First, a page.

The public’s views on new technology can change quickly. AVs today may well be similar to automobiles a century ago or smart phones only 10 years ago: a new technology with a few ardent supporters and many skeptics initially but which quickly became both acceptable and highly desirable. As Henry Ford is purported to have said regarding automobiles (probably incorrectly), “If I had asked people what they wanted, they would have said faster horses.” Also, today’s teenagers are more accepting of AVs: in the Kelley Blue Book survey, 48% of respondents age 12-15 said they would be comfortable riding in an AV compared to 36% of all respondents….Yes!
Laws or regulations formed in haste may hinder rather than help AV testing and implementation. (p17) Yes! " Read more Hmmm… This is a very well written and well referenced report that is well balanced and properly presents the challenges. Some modest suggestions are: Abandon the SAE/NHTSA Levels and go with 3 types/classes/levels: Safe-Driving, Self-driving and Driverless. Also, this is not the first technological change that DMVs have faced. The advent of turn signals changed driver testing. Self-driving is really not that much different. DMVs could start by addressing cruise control in that they could promote & educate on the best use of cruise control. By the way, I am not aware of a single sign along any highway encouraging/promoting/prohibiting the use of cruise control. DMVs could start with that since it really is not much different that Self-driving. Alain
Serving the Nation’s Personal Mobility Needs with the Casual Sharing of autonomousTaxis & Today’s Urban Rail, Amtrak and Air Transport Systems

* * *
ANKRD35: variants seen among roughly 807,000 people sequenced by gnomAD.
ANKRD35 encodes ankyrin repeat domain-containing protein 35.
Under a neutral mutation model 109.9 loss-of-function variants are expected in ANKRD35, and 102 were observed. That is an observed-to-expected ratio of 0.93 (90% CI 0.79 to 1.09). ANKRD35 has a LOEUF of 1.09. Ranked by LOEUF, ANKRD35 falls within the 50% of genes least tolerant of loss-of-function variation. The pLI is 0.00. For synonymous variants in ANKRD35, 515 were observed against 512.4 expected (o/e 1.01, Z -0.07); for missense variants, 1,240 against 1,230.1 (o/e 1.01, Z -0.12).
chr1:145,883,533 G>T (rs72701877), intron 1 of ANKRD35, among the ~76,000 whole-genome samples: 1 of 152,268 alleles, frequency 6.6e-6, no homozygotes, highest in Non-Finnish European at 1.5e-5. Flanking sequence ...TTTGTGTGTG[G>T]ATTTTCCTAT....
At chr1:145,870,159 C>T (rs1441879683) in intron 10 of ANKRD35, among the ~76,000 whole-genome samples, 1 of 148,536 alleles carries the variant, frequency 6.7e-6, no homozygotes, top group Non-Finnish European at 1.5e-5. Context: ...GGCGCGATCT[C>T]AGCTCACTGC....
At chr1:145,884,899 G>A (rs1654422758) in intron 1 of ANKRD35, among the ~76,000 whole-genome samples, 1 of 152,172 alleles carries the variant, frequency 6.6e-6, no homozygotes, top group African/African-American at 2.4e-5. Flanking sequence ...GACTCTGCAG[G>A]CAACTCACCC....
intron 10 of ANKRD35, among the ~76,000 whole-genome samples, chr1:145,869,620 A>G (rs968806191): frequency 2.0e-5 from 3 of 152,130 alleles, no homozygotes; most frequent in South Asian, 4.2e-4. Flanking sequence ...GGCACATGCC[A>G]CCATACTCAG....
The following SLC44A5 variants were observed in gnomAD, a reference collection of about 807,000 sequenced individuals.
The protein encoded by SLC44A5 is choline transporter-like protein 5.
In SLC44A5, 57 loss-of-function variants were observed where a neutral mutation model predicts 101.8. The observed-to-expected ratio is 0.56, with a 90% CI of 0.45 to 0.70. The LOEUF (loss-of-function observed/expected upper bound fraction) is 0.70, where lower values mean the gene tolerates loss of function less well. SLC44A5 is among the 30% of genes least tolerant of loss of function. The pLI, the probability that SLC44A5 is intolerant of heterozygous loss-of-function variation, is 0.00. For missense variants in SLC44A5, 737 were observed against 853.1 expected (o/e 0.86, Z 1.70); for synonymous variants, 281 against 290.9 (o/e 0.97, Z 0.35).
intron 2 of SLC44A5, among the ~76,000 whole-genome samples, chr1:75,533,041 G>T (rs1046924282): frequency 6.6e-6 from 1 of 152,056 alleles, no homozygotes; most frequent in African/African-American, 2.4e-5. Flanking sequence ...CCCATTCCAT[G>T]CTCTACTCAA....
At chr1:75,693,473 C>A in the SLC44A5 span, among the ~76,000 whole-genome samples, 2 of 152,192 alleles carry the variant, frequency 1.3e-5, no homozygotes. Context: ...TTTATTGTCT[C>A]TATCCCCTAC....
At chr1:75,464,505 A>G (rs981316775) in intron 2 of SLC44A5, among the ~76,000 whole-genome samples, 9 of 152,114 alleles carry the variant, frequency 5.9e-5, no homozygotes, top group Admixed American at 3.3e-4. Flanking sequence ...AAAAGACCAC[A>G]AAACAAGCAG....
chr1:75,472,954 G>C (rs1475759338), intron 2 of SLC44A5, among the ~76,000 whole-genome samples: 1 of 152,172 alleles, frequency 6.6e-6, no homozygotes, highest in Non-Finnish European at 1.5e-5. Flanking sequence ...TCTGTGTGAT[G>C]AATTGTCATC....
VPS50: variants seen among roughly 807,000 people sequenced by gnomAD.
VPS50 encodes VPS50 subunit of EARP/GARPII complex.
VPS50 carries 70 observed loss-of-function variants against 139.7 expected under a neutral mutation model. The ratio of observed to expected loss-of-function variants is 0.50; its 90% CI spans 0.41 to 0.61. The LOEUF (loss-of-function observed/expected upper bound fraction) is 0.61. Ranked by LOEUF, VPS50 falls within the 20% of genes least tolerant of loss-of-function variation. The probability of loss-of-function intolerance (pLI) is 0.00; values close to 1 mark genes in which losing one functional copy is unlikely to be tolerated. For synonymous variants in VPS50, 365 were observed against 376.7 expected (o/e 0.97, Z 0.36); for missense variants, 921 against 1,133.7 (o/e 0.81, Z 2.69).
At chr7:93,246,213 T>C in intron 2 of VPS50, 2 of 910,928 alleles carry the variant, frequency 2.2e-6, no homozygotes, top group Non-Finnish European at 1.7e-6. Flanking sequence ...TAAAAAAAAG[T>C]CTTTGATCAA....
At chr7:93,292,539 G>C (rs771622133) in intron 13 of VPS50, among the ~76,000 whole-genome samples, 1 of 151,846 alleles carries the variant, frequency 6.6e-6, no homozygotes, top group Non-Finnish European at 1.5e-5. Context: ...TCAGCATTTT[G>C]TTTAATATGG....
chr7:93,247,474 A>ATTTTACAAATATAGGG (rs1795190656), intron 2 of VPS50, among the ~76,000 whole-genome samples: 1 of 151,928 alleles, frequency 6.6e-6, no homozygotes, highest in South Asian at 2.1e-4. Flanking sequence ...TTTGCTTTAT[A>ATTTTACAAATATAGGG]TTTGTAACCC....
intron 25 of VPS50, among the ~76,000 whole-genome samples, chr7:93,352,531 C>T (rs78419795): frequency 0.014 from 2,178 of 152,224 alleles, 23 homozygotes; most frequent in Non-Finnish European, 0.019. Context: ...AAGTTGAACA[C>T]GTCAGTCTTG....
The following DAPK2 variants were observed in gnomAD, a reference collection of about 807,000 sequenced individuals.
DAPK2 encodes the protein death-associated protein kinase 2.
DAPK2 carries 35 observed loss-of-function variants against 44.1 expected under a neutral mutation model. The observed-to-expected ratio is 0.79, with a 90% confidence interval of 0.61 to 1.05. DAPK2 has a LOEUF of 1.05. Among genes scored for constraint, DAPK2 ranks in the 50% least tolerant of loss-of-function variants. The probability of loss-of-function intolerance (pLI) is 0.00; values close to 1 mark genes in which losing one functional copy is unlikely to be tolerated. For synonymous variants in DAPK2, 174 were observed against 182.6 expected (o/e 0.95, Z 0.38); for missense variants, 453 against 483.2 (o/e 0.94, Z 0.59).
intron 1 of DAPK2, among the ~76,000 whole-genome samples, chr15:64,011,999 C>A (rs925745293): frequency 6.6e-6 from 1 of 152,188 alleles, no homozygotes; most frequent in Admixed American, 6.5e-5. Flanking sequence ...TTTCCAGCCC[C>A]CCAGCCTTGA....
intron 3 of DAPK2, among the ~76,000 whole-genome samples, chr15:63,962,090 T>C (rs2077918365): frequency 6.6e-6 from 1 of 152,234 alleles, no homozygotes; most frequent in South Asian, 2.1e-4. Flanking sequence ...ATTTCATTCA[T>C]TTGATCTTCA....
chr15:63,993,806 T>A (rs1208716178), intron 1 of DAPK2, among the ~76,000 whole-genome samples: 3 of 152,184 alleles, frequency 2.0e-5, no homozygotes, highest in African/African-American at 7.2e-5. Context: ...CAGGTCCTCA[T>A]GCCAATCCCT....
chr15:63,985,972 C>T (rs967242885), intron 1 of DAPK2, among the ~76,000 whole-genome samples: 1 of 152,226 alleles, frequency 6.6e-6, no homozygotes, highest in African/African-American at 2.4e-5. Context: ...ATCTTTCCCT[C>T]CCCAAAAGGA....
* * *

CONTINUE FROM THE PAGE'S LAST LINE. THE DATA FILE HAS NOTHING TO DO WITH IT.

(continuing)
A. Kornhauser, Jan 14, "Orf467F16 Final Project Symposium quantifying implications of such a Nation-wide mobility system on Average Vehicle Occupancy (AVO), energy, environment and congestion, including estimates of fleet size, needed empty vehicle repositioning, and ridership implications on existing rail transit systems (west, east, NYC) and Amtrak of a system that would efficiently and effectively perform their ‘1st mile’/’last-mile’ mobility needs. Read more Hmmm… Now linked are 1st Drafts of the chapters and the powerPoint summaries of these elements. Final Report should be available by early February. The major finding is, nationwide there exists sufficient casual ridesharing potential that a well–managed Nationwide Fleet of about 30M aTaxis (in conjunction with the existing air, Amtrak and Urban fixed-rail systems) could serve the vehicular mobility needs of the whole nation with VMT 40% less than today’s automobiles while providing a Level-of-Service (LoS) largely equivalent and in many ways superior than is delivered by the personal automobile today. Also interesting are the findings as to the substantial increased patronage opportunities available to Amtrak and each of the fixed rail transit systems around the country because the aTaxis solve the ‘1st and last mile’ problem. While all of this is extremely good news, the challenging news is that since all of these fixed rail systems currently lose money on each passenger served, the additional patronage would likely mean that they’ll lose even more money in the future. 🙁 Alain